The Perks of Dating a Grad Student

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The Perks of Dating a Grad Student

I walked into room 206 and noticed the desks had cushioned seats. I chose one in the back, next to a blond girl who looked like she could be my friend. The syllabus for the class was on a desk by the door. The room had that awkward first day of school silence, so me tromping across the room to get a syllabus just added noise to the awkwardness. I was nervous and even the cushioned seats couldn't make me feel comfortable. I was a Junior in college and this was my first creative writing class.

A man sat at the table in front of the classroom. He seemed preoccupied with his white MacBook, but looked up whenever the classroom door opened. He was bald on top and had Bozo the Clown hair: curly and brownish red, a little wild but it seemed intentional. He had a full beard and black-framed glasses. He stood up at nine o'clock and started the class.

“Um, hey guys.” His voice was deep and almost monotone. “I'm PR, your TA for Intro to Fiction.” He was wearing a pair of blue jeans and a button-down shirt with cowboy snaps. A pack of American Spirit cigarettes created a perfect rectangular bulge in the left breast pocket of his shirt. “Does everyone have a copy of the syllabus?”

As is customary in creative writing classes, PR allowed time for each student to give a brief introduction. It is important to know your classmates. In a workshop-based class you pour your soul out in black letters on white pages and then let people you don't know examine what's inside you. When it was my turn, I smiled and told everyone I really wasn't fourteen-years-old, I just look young. I told them I was a political science major and creative writing was my minor. I finished with: “And when I grow up, I want to be a stay-in-bed mom with a Master's degree I will never use.”

The class laughed because they thought I was joking. PR looked at me sideways. “A stay-in-bed mom?” he asked. “With the shades drawn?”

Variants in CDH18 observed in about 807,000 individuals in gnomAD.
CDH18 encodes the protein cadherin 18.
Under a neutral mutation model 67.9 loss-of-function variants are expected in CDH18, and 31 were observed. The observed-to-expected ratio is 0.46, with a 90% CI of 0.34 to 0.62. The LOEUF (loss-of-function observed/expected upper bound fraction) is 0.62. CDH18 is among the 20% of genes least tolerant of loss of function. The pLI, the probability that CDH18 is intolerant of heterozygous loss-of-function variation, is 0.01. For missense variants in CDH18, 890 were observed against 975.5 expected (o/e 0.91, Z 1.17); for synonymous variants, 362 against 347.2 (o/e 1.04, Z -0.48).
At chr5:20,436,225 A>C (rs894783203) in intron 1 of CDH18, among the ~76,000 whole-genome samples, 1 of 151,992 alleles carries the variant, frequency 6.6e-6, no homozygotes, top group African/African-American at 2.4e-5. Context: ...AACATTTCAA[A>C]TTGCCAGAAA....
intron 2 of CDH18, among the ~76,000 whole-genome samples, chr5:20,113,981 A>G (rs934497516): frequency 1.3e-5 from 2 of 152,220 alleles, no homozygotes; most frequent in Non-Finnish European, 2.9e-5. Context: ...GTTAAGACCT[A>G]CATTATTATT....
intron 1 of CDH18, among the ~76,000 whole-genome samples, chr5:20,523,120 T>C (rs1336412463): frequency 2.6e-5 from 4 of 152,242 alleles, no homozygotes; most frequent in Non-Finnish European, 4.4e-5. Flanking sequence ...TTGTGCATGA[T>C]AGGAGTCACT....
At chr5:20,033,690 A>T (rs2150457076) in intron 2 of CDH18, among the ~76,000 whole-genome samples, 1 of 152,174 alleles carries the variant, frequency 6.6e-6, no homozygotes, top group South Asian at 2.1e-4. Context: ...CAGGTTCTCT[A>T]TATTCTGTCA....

“Oh, no, not that type,” I replied.

*

I met Brandon Alva in early September 2007, during one of those rare moments when I decided to be myself and candid with a stranger. I forgot to be shy. He was sitting in the lobby at the Institute of Religion, the place on campus where all the Mormon kids hang out. He was talking to my sister's friend, Stacy, and I was eavesdropping on their conversation. He looked young, maybe nineteen or twenty with a smooth face and high cheek bones. His hair was really dark, “midnight brown” as he would later describe it. His light brown eyes lit up when he smiled. His laugh sounded like a donkey. He was concentration camp skinny and by the look of his long legs, one resting on his knee, I could tell he was tall.

He caught me looking at him and smiled. “Who is your friend?” he asked Stacy.

She introduced me with enthusiasm. “Brandon, this is my friend Sarah!”

I smiled. “So are you in school, Brandon?”

“Yeah, I'm getting an MFA in creative non-fiction.”

“Hmm, intersting” I said, trying to appear unimpressed. “Creative writing is my minor. So, where did you serve your mission?”

He laughed and answered my next question. “Eugene, Oregon.”

“My friend is serving there,” I said. “You must be pretty old, then.”

“What?” he asked.

“Yeah, if you served a full two-year mission and are old enough to be in graduate school, that would put you at about twenty-five.”

“Is that how old you think I am?”

“You look about seventeen, so I really have no idea.”

He grinned and then looked serious for a moment. “I'm twenty-eight,” he admitted.

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